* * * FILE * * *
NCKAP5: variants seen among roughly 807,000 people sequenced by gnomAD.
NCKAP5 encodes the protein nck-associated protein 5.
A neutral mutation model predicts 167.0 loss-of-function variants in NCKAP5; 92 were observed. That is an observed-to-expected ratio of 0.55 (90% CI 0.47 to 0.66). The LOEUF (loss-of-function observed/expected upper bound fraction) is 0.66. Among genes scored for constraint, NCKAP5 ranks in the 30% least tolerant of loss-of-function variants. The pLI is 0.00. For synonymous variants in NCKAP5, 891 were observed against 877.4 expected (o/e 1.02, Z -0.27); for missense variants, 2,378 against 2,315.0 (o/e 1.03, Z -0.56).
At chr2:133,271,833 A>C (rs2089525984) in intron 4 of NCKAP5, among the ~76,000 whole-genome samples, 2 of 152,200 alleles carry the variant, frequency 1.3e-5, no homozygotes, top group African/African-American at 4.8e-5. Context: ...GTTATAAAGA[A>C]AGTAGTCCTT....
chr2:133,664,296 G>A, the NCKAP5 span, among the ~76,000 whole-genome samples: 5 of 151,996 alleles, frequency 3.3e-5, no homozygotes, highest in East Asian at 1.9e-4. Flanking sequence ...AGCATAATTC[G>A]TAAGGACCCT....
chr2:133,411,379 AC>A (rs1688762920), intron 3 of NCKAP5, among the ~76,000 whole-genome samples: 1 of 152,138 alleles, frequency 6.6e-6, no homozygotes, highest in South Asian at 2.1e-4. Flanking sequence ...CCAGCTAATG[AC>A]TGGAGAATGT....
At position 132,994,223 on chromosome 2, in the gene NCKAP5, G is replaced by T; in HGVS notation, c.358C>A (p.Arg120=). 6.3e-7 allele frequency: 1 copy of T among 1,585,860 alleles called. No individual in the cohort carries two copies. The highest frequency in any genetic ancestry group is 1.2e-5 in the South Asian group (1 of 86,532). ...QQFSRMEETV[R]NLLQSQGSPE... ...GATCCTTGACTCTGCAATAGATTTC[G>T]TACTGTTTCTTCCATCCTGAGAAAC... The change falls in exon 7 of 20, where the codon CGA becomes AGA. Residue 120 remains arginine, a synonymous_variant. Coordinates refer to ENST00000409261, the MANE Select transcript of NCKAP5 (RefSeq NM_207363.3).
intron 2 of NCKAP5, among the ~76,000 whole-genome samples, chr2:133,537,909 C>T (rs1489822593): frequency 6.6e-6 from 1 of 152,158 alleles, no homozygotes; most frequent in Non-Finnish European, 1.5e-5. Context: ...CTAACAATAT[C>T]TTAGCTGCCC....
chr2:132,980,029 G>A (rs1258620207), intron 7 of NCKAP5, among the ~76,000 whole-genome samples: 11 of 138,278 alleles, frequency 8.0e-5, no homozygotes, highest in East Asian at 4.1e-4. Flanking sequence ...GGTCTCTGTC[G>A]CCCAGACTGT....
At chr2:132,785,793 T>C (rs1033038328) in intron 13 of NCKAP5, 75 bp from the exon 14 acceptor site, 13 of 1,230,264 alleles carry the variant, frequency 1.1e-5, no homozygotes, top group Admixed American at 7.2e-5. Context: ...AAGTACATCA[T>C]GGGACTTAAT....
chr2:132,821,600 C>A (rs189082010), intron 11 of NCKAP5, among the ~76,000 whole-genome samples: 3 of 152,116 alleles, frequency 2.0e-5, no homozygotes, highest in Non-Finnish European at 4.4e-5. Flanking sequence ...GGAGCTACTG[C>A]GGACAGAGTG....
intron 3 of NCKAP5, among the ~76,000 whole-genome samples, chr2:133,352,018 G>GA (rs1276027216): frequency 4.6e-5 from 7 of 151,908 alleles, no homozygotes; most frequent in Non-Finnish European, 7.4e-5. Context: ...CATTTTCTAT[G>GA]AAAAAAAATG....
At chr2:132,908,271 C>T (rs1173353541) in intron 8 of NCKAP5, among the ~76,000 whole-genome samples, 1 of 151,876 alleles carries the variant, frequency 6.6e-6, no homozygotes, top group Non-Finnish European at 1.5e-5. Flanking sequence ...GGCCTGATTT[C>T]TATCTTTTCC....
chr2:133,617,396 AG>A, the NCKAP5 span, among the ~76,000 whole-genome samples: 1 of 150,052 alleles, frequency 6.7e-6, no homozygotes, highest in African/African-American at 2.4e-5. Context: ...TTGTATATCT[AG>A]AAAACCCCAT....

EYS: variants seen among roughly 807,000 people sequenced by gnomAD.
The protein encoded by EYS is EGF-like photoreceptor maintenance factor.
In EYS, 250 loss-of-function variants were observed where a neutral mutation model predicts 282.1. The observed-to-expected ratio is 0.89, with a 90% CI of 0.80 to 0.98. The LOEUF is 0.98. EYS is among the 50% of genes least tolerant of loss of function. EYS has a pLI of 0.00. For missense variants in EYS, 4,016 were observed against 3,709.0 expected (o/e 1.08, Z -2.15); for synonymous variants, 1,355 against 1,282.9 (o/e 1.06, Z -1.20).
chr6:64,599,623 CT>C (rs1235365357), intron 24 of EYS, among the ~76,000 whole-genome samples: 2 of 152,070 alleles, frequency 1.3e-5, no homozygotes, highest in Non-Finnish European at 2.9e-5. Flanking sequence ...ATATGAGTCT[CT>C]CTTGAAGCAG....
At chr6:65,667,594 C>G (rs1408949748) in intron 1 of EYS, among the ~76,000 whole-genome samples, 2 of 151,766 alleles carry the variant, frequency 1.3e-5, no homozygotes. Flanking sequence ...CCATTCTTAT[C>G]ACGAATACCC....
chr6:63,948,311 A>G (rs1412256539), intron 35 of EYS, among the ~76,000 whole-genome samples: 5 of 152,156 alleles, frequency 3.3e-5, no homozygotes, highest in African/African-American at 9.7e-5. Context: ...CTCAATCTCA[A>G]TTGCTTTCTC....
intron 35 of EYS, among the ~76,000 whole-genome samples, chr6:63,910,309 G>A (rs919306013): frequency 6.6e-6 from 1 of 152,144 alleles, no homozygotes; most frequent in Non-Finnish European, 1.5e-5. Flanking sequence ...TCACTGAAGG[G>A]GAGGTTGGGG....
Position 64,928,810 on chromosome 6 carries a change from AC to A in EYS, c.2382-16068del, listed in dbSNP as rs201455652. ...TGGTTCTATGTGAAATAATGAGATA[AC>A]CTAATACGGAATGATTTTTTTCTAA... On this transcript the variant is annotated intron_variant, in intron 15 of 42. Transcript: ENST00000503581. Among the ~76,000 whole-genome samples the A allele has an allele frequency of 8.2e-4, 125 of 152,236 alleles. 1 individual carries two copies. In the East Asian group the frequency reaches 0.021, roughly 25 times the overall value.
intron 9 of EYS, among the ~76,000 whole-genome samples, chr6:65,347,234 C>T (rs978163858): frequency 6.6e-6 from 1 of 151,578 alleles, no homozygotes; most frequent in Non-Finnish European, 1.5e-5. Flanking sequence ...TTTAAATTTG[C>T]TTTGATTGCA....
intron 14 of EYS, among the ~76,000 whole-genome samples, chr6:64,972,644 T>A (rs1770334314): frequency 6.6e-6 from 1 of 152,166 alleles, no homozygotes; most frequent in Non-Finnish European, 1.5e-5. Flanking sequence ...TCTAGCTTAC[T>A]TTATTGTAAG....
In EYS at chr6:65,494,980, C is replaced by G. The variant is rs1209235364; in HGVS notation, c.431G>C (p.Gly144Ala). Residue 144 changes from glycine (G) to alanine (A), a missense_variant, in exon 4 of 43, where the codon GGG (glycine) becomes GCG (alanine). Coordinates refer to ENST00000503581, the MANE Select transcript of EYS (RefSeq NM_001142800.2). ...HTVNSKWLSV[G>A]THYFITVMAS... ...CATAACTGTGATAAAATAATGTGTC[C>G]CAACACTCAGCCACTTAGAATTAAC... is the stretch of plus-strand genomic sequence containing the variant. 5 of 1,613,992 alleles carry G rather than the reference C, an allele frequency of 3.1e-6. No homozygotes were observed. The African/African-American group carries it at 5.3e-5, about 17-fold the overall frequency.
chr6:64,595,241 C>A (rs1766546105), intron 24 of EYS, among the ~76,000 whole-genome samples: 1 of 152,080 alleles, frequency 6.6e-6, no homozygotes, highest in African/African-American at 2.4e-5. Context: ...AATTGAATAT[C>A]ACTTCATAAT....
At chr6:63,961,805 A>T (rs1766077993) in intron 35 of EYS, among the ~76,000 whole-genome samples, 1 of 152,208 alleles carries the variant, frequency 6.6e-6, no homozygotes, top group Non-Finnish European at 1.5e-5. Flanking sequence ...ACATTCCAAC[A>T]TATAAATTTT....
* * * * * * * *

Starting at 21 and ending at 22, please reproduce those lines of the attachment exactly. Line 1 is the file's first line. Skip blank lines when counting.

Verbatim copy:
intron 35 of EYS, among the ~76,000 whole-genome samples, chr6:63,910,309 G>A (rs919306013): frequency 6.6e-6 from 1 of 152,144 alleles, no homozygotes; most frequent in Non-Finnish European, 1.5e-5. Flanking sequence ...TCACTGAAGG[G>A]GAGGTTGGGG....
Position 64,928,810 on chromosome 6 carries a change from AC to A in EYS, c.2382-16068del, listed in dbSNP as rs201455652. ...TGGTTCTATGTGAAATAATGAGATA[AC>A]CTAATACGGAATGATTTTTTTCTAA... On this transcript the variant is annotated intron_variant, in intron 15 of 42. Transcript: ENST00000503581. Among the ~76,000 whole-genome samples the A allele has an allele frequency of 8.2e-4, 125 of 152,236 alleles. 1 individual carries two copies. In the East Asian group the frequency reaches 0.021, roughly 25 times the overall value.